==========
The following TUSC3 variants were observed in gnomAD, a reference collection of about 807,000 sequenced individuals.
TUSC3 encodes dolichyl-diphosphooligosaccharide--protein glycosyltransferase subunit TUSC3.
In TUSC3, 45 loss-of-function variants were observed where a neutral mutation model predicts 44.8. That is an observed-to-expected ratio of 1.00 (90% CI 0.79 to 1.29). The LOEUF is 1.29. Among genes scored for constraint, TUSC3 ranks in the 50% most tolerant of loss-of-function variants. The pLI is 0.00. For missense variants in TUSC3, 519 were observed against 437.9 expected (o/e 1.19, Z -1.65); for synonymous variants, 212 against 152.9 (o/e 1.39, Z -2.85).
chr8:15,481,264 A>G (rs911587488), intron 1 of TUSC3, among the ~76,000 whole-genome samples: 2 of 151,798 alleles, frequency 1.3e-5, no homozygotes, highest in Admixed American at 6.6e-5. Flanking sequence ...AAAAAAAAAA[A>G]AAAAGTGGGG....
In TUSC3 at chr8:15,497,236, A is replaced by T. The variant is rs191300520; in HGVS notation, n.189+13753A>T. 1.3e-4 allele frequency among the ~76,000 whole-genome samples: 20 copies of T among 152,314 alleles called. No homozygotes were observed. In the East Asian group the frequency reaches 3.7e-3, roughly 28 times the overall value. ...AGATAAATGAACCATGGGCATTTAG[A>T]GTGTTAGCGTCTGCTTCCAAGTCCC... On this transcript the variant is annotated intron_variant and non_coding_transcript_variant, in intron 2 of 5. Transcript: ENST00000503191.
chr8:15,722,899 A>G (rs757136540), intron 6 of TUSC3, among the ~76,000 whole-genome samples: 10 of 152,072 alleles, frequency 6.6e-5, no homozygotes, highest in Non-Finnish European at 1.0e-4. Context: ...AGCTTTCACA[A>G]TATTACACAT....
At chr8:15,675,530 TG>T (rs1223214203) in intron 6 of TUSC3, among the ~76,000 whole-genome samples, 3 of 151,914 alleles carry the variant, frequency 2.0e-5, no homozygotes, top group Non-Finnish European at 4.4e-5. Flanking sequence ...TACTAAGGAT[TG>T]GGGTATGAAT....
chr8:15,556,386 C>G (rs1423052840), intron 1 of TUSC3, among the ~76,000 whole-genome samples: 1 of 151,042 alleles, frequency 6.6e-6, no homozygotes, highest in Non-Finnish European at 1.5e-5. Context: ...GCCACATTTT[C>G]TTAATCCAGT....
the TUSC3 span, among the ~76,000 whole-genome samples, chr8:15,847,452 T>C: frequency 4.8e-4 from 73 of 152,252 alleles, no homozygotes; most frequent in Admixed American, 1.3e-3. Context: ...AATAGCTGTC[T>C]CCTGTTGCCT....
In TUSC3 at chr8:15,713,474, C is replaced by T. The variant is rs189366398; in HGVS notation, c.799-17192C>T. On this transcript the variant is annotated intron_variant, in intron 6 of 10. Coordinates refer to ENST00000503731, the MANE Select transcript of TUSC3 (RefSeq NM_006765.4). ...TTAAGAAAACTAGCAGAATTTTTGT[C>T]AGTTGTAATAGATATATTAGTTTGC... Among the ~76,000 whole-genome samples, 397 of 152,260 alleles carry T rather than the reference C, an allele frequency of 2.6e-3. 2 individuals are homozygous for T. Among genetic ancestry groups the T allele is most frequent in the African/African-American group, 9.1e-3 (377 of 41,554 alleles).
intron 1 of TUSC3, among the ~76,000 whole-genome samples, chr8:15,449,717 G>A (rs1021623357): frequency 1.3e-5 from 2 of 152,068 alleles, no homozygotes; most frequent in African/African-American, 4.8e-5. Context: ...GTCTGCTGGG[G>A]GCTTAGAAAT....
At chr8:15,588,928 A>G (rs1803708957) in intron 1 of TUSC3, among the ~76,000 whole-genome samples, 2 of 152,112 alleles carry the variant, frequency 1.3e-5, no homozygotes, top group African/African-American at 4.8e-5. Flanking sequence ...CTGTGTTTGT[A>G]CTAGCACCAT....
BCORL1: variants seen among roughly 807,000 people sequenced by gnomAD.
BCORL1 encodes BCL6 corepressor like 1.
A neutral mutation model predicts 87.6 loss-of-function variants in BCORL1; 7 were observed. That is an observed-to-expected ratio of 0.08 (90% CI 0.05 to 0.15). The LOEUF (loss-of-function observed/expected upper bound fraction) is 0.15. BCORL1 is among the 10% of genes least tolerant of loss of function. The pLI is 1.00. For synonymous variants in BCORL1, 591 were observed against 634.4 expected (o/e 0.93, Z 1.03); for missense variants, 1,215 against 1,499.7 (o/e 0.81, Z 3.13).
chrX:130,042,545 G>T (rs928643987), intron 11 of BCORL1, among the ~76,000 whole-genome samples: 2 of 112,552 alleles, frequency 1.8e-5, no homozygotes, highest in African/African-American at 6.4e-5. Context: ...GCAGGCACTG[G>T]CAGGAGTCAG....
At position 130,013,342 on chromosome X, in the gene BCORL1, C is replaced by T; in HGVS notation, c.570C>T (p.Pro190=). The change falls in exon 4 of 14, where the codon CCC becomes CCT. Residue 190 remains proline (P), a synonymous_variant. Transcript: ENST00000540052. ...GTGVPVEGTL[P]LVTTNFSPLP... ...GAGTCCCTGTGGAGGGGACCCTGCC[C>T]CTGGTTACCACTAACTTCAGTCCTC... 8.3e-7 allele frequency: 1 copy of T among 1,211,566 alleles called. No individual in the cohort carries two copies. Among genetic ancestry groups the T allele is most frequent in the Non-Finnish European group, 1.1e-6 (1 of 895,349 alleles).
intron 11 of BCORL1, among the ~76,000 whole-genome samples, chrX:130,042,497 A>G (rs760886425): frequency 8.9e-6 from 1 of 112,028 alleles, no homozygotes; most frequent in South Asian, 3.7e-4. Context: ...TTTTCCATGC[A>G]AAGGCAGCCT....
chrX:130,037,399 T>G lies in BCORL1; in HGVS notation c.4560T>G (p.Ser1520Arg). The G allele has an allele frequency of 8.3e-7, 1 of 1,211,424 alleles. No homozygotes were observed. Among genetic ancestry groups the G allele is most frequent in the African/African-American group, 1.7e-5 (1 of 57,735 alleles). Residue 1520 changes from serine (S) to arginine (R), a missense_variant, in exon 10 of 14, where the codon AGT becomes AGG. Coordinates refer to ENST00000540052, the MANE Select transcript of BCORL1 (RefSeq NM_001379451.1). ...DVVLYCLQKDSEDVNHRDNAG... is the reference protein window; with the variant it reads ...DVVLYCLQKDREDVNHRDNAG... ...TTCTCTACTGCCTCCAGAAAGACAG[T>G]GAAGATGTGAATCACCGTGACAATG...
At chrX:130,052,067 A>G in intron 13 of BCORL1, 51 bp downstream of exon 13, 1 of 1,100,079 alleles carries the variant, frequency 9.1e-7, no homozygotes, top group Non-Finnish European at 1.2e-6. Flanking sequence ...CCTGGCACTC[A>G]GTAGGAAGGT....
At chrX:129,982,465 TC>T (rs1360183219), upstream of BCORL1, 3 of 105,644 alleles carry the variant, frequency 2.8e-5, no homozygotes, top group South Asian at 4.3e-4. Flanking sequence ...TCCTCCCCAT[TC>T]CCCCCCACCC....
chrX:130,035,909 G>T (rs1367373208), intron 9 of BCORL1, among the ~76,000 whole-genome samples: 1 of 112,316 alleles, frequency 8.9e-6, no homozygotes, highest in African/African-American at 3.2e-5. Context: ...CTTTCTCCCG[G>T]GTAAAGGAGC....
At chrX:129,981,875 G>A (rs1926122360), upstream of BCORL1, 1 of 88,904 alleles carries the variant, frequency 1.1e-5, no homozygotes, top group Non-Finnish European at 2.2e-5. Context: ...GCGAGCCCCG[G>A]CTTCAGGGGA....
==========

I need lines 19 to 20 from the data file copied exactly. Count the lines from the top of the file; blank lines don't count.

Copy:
chrX:130,037,399 T>G lies in BCORL1; in HGVS notation c.4560T>G (p.Ser1520Arg). The G allele has an allele frequency of 8.3e-7, 1 of 1,211,424 alleles. No homozygotes were observed. Among genetic ancestry groups the G allele is most frequent in the African/African-American group, 1.7e-5 (1 of 57,735 alleles). Residue 1520 changes from serine (S) to arginine (R), a missense_variant, in exon 10 of 14, where the codon AGT becomes AGG. Coordinates refer to ENST00000540052, the MANE Select transcript of BCORL1 (RefSeq NM_001379451.1). ...DVVLYCLQKDSEDVNHRDNAG... is the reference protein window; with the variant it reads ...DVVLYCLQKDREDVNHRDNAG... ...TTCTCTACTGCCTCCAGAAAGACAG[T>G]GAAGATGTGAATCACCGTGACAATG...
At chrX:130,052,067 A>G in intron 13 of BCORL1, 51 bp downstream of exon 13, 1 of 1,100,079 alleles carries the variant, frequency 9.1e-7, no homozygotes, top group Non-Finnish European at 1.2e-6. Flanking sequence ...CCTGGCACTC[A>G]GTAGGAAGGT....